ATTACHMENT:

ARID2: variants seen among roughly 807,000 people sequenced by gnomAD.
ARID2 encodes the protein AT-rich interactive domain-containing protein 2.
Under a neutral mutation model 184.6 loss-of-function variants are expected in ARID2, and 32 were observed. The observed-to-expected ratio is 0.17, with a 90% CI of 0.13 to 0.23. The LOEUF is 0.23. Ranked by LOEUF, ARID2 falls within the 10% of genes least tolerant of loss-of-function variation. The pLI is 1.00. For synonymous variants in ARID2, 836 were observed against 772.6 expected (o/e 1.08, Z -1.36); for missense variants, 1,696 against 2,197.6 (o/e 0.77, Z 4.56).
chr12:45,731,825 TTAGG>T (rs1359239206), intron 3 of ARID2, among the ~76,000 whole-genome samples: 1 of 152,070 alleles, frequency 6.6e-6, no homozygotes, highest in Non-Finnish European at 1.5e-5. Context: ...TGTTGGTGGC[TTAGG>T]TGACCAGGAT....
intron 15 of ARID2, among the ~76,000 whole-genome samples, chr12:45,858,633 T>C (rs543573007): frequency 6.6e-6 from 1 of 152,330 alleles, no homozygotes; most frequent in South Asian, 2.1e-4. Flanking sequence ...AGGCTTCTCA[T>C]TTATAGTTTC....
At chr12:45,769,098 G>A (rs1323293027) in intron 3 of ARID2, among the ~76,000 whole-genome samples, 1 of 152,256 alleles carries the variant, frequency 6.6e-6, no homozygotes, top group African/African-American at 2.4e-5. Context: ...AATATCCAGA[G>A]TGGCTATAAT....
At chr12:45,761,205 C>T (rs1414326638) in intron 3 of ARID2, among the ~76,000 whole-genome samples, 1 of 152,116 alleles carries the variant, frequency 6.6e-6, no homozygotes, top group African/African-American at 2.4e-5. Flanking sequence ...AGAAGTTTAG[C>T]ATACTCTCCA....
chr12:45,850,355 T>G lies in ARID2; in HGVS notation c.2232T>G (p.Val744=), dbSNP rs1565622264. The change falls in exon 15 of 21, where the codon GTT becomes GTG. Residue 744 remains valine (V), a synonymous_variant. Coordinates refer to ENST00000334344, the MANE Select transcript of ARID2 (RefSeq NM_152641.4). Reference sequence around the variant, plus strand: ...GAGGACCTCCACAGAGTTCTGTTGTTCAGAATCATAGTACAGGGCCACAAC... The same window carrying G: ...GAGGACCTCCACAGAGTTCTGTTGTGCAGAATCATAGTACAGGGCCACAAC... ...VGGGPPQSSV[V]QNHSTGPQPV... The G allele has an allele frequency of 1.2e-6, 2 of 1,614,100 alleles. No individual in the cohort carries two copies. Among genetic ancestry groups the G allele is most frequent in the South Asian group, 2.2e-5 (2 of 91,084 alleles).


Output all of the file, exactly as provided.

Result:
ARID2: variants seen among roughly 807,000 people sequenced by gnomAD.
ARID2 encodes the protein AT-rich interactive domain-containing protein 2.
Under a neutral mutation model 184.6 loss-of-function variants are expected in ARID2, and 32 were observed. The observed-to-expected ratio is 0.17, with a 90% CI of 0.13 to 0.23. The LOEUF is 0.23. Ranked by LOEUF, ARID2 falls within the 10% of genes least tolerant of loss-of-function variation. The pLI is 1.00. For synonymous variants in ARID2, 836 were observed against 772.6 expected (o/e 1.08, Z -1.36); for missense variants, 1,696 against 2,197.6 (o/e 0.77, Z 4.56).
chr12:45,731,825 TTAGG>T (rs1359239206), intron 3 of ARID2, among the ~76,000 whole-genome samples: 1 of 152,070 alleles, frequency 6.6e-6, no homozygotes, highest in Non-Finnish European at 1.5e-5. Context: ...TGTTGGTGGC[TTAGG>T]TGACCAGGAT....
intron 15 of ARID2, among the ~76,000 whole-genome samples, chr12:45,858,633 T>C (rs543573007): frequency 6.6e-6 from 1 of 152,330 alleles, no homozygotes; most frequent in South Asian, 2.1e-4. Flanking sequence ...AGGCTTCTCA[T>C]TTATAGTTTC....
At chr12:45,769,098 G>A (rs1323293027) in intron 3 of ARID2, among the ~76,000 whole-genome samples, 1 of 152,256 alleles carries the variant, frequency 6.6e-6, no homozygotes, top group African/African-American at 2.4e-5. Context: ...AATATCCAGA[G>A]TGGCTATAAT....
At chr12:45,761,205 C>T (rs1414326638) in intron 3 of ARID2, among the ~76,000 whole-genome samples, 1 of 152,116 alleles carries the variant, frequency 6.6e-6, no homozygotes, top group African/African-American at 2.4e-5. Flanking sequence ...AGAAGTTTAG[C>T]ATACTCTCCA....
chr12:45,850,355 T>G lies in ARID2; in HGVS notation c.2232T>G (p.Val744=), dbSNP rs1565622264. The change falls in exon 15 of 21, where the codon GTT becomes GTG. Residue 744 remains valine (V), a synonymous_variant. Coordinates refer to ENST00000334344, the MANE Select transcript of ARID2 (RefSeq NM_152641.4). Reference sequence around the variant, plus strand: ...GAGGACCTCCACAGAGTTCTGTTGTTCAGAATCATAGTACAGGGCCACAAC... The same window carrying G: ...GAGGACCTCCACAGAGTTCTGTTGTGCAGAATCATAGTACAGGGCCACAAC... ...VGGGPPQSSV[V]QNHSTGPQPV... The G allele has an allele frequency of 1.2e-6, 2 of 1,614,100 alleles. No individual in the cohort carries two copies. Among genetic ancestry groups the G allele is most frequent in the South Asian group, 2.2e-5 (2 of 91,084 alleles).